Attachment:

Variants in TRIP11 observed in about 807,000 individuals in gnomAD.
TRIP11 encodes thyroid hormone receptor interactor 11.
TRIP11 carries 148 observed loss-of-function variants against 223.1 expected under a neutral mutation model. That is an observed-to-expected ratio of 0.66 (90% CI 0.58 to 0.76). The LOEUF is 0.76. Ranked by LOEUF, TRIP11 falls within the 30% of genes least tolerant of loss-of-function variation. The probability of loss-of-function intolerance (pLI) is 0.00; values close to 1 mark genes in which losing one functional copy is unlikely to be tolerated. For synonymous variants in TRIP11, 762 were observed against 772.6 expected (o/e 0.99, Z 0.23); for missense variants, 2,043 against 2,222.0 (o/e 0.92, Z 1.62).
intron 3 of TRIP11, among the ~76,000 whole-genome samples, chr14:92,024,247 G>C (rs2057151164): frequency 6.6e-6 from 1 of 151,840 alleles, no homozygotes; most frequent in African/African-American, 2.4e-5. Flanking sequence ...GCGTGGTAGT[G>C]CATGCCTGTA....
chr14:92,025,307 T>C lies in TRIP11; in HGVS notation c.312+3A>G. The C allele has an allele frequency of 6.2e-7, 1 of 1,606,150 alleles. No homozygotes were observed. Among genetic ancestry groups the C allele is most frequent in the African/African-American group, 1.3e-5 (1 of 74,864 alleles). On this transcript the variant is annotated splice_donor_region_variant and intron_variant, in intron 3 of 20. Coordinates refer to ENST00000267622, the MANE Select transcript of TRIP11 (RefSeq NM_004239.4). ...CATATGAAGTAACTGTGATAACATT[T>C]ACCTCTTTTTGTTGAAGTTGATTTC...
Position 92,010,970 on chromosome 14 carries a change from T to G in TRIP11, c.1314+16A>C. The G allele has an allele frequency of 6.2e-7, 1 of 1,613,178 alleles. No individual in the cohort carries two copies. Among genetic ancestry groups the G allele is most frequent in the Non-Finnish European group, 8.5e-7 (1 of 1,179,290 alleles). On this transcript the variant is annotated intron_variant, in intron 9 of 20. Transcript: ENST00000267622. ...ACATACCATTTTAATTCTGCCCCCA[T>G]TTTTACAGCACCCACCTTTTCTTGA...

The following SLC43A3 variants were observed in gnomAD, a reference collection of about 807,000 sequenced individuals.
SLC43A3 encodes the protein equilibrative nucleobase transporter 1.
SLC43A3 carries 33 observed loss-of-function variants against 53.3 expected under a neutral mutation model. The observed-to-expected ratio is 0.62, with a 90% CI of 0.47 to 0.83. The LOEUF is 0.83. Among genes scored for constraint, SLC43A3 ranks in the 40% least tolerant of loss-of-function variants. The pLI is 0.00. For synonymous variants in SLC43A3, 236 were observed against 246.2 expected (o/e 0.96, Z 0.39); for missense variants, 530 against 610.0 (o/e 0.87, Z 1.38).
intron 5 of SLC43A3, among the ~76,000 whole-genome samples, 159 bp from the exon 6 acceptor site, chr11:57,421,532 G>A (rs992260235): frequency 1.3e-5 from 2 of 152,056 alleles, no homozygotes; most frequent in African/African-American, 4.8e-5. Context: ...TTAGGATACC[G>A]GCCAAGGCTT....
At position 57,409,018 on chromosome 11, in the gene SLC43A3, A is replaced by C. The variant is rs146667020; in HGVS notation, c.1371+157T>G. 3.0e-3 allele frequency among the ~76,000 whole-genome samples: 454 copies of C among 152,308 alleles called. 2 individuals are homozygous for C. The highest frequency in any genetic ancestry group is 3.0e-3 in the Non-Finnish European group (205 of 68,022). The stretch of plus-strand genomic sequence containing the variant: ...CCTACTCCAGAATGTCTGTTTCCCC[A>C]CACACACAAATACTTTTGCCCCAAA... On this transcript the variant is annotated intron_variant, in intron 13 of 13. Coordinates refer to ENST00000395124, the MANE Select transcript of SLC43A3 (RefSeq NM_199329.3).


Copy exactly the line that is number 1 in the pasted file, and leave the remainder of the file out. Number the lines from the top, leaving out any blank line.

Variants in TRIP11 observed in about 807,000 individuals in gnomAD.